5 things to remember while keeping an open mind to others’ advice:
It’s just one person’s opinion, they have a completely different paradigm than anyone else you’ll talk to. Talk to multiple people.
No one understands your problem, vision, or idea like you do. It’s up to you to make them understand.
In an effort to be helpful, people will always try to steer the conversation towards something they know about. That doesn’t make it relevant or useful. Keep the conversation focused on the matter at hand.
If you didn’t ask for advice, why are you still listening?
Don’t make quick decisions if you can avoid it. Give your mind at least a good night’s sleep to let everything sink in.
Make sure the advice you’re receiving is relevant, actionable, and timely. Take everything into consideration. Then ultimately go with your gut instinct.
I just read this article on “Why the Freemium Model Doesn’t Work“, and while he makes some good points, he wraps up the article by saying “The reality is, the freemium model doesn’t work for the majority of companies who try it.” No shit Sherlock! The reality is, no model works for the majority of companies who try anything. The majority of companies fail within 5 years.1
The 4th Type of Freemium
In his examples of successful freemium models he mentions Evernote, Dropbox, and Spotify. He also suggests that fremium models are limited to only 3 scenarios, egregiously missing my favorite type of freemium: pay for additional features. Read more
I was thinking of titling this post “What it feels like to give up and still win” or something like that. Then I thought about some clever title about perseverance and how we saw value where no one else did, which would be true. But in the end it’s better to give credit where credit is due; so there you have it: How Pinterest Changed My Life.
My last company, Chick Approved, was just officially acquired by Seattle-based Lockerz, Inc…and it feels great! You can read allaboutit, but that’s just the inspiration for the post and really beside the point.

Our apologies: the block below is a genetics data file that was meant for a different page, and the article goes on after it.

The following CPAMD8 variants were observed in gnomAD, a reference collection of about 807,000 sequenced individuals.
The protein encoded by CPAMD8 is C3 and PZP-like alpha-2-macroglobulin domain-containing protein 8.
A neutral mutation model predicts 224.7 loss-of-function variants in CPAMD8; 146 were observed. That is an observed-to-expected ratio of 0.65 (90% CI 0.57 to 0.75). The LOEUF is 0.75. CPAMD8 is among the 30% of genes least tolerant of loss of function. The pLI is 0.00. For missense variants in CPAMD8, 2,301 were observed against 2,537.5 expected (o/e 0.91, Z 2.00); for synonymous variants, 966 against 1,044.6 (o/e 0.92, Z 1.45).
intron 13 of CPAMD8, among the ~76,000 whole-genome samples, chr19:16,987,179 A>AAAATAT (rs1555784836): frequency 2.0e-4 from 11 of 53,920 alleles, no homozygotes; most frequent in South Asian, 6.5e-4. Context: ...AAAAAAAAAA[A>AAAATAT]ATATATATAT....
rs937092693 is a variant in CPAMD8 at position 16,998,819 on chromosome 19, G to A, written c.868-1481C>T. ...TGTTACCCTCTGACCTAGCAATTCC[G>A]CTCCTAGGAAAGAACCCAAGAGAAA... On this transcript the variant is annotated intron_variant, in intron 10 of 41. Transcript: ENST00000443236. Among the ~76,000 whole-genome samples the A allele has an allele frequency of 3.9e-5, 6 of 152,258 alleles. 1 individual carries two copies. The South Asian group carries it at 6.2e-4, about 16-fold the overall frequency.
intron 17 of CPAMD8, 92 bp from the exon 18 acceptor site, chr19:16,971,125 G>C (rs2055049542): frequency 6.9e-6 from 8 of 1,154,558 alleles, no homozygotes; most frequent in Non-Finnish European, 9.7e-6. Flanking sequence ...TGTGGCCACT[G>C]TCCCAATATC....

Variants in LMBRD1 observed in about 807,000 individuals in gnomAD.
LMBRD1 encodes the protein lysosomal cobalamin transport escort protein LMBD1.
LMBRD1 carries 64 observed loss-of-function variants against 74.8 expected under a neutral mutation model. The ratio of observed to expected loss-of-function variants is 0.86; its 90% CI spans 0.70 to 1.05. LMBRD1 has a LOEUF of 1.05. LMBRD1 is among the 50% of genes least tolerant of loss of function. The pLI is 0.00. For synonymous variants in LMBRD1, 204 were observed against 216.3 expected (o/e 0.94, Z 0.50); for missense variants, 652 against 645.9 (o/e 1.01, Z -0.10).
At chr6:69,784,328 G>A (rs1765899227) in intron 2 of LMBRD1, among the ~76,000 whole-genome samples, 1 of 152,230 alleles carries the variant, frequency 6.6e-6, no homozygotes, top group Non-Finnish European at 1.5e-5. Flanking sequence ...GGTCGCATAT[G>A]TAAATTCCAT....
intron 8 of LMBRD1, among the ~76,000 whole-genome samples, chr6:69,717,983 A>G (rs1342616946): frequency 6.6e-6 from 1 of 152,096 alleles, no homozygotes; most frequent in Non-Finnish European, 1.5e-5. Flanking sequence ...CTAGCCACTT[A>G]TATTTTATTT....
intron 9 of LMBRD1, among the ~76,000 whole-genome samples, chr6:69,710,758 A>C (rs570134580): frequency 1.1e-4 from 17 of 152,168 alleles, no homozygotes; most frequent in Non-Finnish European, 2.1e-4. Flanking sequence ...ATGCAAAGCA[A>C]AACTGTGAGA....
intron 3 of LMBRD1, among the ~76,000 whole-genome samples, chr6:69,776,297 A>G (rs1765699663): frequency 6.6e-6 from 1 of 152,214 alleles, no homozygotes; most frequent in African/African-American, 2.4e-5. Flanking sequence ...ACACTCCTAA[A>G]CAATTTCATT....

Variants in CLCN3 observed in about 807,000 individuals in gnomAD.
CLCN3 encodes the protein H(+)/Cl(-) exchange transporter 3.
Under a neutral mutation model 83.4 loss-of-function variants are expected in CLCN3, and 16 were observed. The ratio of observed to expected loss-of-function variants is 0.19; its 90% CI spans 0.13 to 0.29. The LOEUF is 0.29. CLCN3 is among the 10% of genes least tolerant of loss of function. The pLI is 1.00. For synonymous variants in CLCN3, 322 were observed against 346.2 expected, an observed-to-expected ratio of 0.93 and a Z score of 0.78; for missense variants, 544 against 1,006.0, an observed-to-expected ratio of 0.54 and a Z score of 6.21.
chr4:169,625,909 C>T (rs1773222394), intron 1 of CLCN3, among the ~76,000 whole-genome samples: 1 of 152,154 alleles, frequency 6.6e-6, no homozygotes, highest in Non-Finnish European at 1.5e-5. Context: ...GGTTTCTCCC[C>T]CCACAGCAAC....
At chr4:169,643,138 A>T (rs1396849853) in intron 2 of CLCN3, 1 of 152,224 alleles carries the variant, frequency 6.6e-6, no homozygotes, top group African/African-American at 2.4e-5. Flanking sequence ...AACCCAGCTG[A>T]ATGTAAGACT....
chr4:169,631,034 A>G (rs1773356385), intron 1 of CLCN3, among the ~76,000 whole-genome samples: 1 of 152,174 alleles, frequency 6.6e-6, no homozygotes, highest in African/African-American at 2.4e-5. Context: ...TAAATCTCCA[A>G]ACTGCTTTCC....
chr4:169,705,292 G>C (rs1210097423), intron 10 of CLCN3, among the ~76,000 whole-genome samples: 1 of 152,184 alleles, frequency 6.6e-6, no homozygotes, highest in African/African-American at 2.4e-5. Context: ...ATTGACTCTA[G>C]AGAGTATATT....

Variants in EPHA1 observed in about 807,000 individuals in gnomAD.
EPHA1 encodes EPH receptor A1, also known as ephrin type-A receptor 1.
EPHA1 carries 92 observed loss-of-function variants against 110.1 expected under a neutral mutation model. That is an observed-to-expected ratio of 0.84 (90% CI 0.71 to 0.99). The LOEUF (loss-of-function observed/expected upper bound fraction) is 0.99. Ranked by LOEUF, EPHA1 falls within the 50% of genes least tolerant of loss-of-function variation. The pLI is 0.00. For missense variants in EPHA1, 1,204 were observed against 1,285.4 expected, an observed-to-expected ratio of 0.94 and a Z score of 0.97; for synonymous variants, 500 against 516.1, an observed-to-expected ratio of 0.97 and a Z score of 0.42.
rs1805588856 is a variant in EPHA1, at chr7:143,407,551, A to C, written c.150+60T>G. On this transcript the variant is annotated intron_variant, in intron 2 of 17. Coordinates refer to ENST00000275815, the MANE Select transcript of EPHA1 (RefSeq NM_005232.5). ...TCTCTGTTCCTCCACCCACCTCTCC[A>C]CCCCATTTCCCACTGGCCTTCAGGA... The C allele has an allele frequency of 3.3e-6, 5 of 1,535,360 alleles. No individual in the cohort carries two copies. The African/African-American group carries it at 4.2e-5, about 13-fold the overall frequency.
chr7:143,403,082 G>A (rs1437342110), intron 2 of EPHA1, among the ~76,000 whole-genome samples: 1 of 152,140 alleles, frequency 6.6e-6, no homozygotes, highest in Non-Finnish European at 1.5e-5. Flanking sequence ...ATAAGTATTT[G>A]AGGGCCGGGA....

So what is the point?
The point is: I’m not sure we deserve it.
We built a great product, had 2 people on full time managing the community and our ambassador program, and I spent just about every weekend for the better part of a year working my ass off iterating and iterating on the product. So why don’t I deserve it? Read more
So, a press release came out this morning on a couple different sites (links below) featuring The Telegraph’s foray into tablet advertising. I developed the touch-enabled advertising framework used to build the Mission Impossible 4 ad and serve it on The Telegraph. (Note: I built it, but the concept was this guy’s.)
I didn’t make any extra money off the ad. I don’t own the framework. Basically, none of my normal reasons for excitement apply here, but it’s still cool because people are using it. For a product that’s not mine, I feel an unusual amount of accomplishment and validation. I bet it’s kinda like giving a baby up for adoption and meeting them again a few years later. They’re not technically your child, but you still brought them into the world and there’s a certain amount of love still lingering.
So, why should you build something?
It feels good
Like I was saying above, I’m feeling really good as I write this post. It feels good to be recognized, if only by a few close friends. You should build something because no one will ever recognize you for something you never did. It feels good to finish something, you know Read more